Home > Articles > Programming > Java

Exploring Java's Network API: URIs and URLs

URIs, URLs, and URNs are standard ways to identify, locate, and name resources on the World Wide Web. In this article, Jeff Friesen explores URIs, URLs, and URNs. Along the way, he examines the Network API's URI and URL classes (along with URL-related classes) and shows how to use those classes in your programs. You'll also discover the concept of MIME and how it relates to URLs.
Like this article? We recommend

Like this article? We recommend

In 1989, Tim Berners-Lee invented the World Wide Web (WWW). Think of the WWW as a global collection of interconnected physical and abstract resources—entities supplying information on demand—that are accessed over the Internet. Physical resources range from files to people, and abstract resources include database queries. Because resources are identified in various ways (people have nonunique names, whereas computer files can be accessed via unique pathname combinations), a uniform way to identify WWW resources was needed. To address that need, Tim Berners-Lee introduced standardized ways to identify, locate, and name resources: URIs, URLs, and URNs.


You can learn more about Tim Berners-Lee (and read a few of his WWW essays and articles) by visiting his Web page at http://www.w3.org/People/Berners-Lee/.

This article, the second in my Network API trilogy, explores URIs and URLs (and, to a lesser extent, URNs). After presenting basic concepts about those entities, the article examines the Network API's URI and URL classes (along with URL-related classes) and shows how to use those classes in your programs. Along the way, you discover the concept of MIME and how that concept relates to URLs.

This article's coverage of URIs, URLs, URNs, and MIME is based on two Request For Comments (RFC) documents. (RFC documents serve as the mechanism by which the Internet's architecture evolves.) The relevant RFC documents are listed here:

What Are URIs, URLs, and URNs?

URIs, URLs, and URNs relate to each other in a hierarchy. The URI category sits at the top of that hierarchy, while the URL and URN categories sit at the bottom. That arrangement indicates that both URL and URN are subcategories of URI, as Figure 1 illustrates.

Figure 1 URI, URL, and URN form a hierarchical relationship. URL and URN are subcategories of URI.

URI stands for uniform resource identifier, a compact string of characters that identifies a resource in a uniform (standardized) manner. That string typically begins with a scheme (an identifier that names the URI's namespace—a set of related names) and has the following syntax:

[scheme:] scheme-specific-part

The URI optionally begins with scheme and a colon character. The scheme begins with an uppercase/lowercase letter, followed by zero or more uppercase/lowercase letters, digits, plus sign characters, minus sign characters, and period characters. The colon character separates scheme from the scheme-specific-part, and the scheme-specific-part's syntax and semantics (meaning) are determined by the URI's namespace. An example of a URI is http://www.cnn.com, in which http is the scheme, //http://www.cnn.com is the scheme-specific-part, and the scheme and scheme-specific-part are separated by a colon character.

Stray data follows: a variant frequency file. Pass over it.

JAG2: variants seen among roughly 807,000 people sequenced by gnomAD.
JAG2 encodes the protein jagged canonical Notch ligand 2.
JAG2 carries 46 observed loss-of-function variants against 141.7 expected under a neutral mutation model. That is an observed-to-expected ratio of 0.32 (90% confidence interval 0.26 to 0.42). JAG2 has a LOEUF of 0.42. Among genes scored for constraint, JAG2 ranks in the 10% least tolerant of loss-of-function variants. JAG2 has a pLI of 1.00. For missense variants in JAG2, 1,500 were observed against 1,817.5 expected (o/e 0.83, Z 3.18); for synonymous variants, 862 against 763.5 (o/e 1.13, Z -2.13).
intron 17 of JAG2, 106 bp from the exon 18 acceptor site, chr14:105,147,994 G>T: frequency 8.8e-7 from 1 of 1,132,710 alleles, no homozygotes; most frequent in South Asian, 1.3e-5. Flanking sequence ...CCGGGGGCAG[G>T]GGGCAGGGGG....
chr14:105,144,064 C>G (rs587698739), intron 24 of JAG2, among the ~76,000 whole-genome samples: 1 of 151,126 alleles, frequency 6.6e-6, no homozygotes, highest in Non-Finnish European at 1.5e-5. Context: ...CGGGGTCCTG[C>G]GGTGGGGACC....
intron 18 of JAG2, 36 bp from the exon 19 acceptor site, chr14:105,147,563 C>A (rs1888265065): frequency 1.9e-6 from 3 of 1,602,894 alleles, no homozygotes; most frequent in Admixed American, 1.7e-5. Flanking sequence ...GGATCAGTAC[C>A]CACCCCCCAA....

URIs can be categorized as absolute or relative. An absolute URI is a URI that begins with a scheme (followed by a colon character). The earlier http://www.cnn.com is an example of an absolute URI. Other examples include mailto:jeff@javajeff.com, news:comp.lang.java.help, and xyz://whatever. Think of an absolute URI as referring to some resource in a manner that is independent of the context in which that identifier appears. To use a file system analogy, an absolute URI is like a pathname to a file that starts from the root directory. In contrast to an absolute URI, a relative URI is a URI that does not begin with a scheme (followed by a colon character). An example is articles/articles.html. Think of a relative URI as referring to some resource in a manner that is dependent on the context in which that identifier appears. Using the file system analogy, the relative URI is like a pathname to a file that starts from the current directory.

URIs can be further categorized as opaque or hierarchical. An opaque URI is an absolute URI whose scheme-specific-part does not begin with a forward slash (/) character. Examples include news:comp.lang.java and the earlier mailto:jeff@javajeff.com. Opaque URIs are not subject to parsing (beyond identifying the scheme) because the scheme-specific-part does not need to be validated. By contrast, a hierarchical URI is either an absolute URI whose scheme-specific-part begins with a forward slash character, or a relative URI.

Unlike an opaque URI, a hierarchical URI's scheme-specific-part must be parsed into various components. What components are those? The scheme-specific-part of a common subset of hierarchical URI identifies components according to the following syntax:

[//authority] [path] [?query] [#fragment]

The optional authority component identifies the naming authority for the URI's namespace. If present, that component begins with a pair of forward slash characters, is either server-based or registry-based, and terminates with the next forward slash character, question mark character, or no more characters—the end of the URI. Registry-based authority components have scheme-specific syntaxes (and are not discussed in this article because they are not commonly used), whereas server-based authority components tend to have the following syntax: